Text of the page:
Mark CornwallDec 17, 2020
Sparking the First World War
Bloomsbury Academic 2020
In June 1914, Archduke Franz Ferdinand was assassinated in the Bosnian capital of Sarajevo. This key event in 20th-century history continues to fascinate the public imagination, yet few historians have examined in depth the regional context which allowed this assassination to happen or the murder's ripples which quickly spread out across the Balkans, Austria-Hungary and Europe as a whole. In Sarajevo 1914: Sparking the First World War (Bloomsbury Academic, 2020), Professor Mark Cornwall a Central European specialist at the University of Southampton has gathered an impressive cast of contributors from a 2014 history conference to explore the causes of the Sarajevo assassination and its consequences for the Balkans in the context of the First World War.
With Professor Cornwall writing a highly informative introductory essay, this volume assesses from a variety of regional perspectives how the 'South Slav Question' destabilized the empire's southern provinces, provoking violent discontent in Croatia and Bosnia, and exacerbating the empire's relations with Serbia, regarded by Austria-Hungary as a dangerous state. It then explores the ripples of the Sarajevo event, from its evolution into a European crisis to the creation of a new independent state of Yugoslavia.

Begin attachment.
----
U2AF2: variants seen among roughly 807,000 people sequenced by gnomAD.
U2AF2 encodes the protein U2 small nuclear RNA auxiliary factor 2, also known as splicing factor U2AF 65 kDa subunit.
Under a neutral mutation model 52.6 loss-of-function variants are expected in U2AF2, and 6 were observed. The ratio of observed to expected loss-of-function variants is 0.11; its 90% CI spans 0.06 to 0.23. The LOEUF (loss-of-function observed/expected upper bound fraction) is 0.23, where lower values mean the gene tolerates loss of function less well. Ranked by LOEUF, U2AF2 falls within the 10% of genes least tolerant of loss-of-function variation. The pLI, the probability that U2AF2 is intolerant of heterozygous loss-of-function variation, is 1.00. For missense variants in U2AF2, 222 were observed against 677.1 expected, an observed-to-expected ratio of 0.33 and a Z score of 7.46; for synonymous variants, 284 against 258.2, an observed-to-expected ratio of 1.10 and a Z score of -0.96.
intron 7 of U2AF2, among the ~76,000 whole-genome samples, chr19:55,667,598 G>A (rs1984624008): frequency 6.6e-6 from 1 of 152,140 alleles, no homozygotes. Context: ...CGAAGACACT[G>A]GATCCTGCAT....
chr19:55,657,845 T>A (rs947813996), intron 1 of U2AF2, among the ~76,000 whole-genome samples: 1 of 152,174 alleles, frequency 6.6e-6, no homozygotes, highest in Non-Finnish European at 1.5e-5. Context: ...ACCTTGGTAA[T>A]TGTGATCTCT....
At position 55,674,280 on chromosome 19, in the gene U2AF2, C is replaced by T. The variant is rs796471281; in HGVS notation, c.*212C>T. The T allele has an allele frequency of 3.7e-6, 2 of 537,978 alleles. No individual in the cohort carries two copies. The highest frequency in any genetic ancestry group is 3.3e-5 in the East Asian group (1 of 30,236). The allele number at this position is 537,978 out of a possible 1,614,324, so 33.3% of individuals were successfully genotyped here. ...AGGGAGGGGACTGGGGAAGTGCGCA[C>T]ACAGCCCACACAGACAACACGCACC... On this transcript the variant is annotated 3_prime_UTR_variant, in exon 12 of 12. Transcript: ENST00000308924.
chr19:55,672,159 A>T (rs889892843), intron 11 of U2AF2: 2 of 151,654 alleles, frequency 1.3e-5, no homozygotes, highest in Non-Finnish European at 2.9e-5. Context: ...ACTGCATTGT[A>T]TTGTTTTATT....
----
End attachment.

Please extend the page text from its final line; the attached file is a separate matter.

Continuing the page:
Bringing together fresh perspectives by historians from Austria, Croatia, Slovenia and Serbia, as well as leading British historians of Austria-Hungary, this book published by Bloomsbury Academic is essential reading for anyone, either specialists or the educated lay reader, who wants to understand the Sarajevo violence and how it shaped modern Balkan history and indeed world history,
Charles Coutinho Ph. D. of the Royal Historical Society, received his doctorate from New York University. His area of specialization is 19th and 20th-century European, American diplomatic and political history. He has written for Chatham House’s International Affairs, the Institute of Historical Research's Reviews in History and the University of Rouen's online periodical Cercles.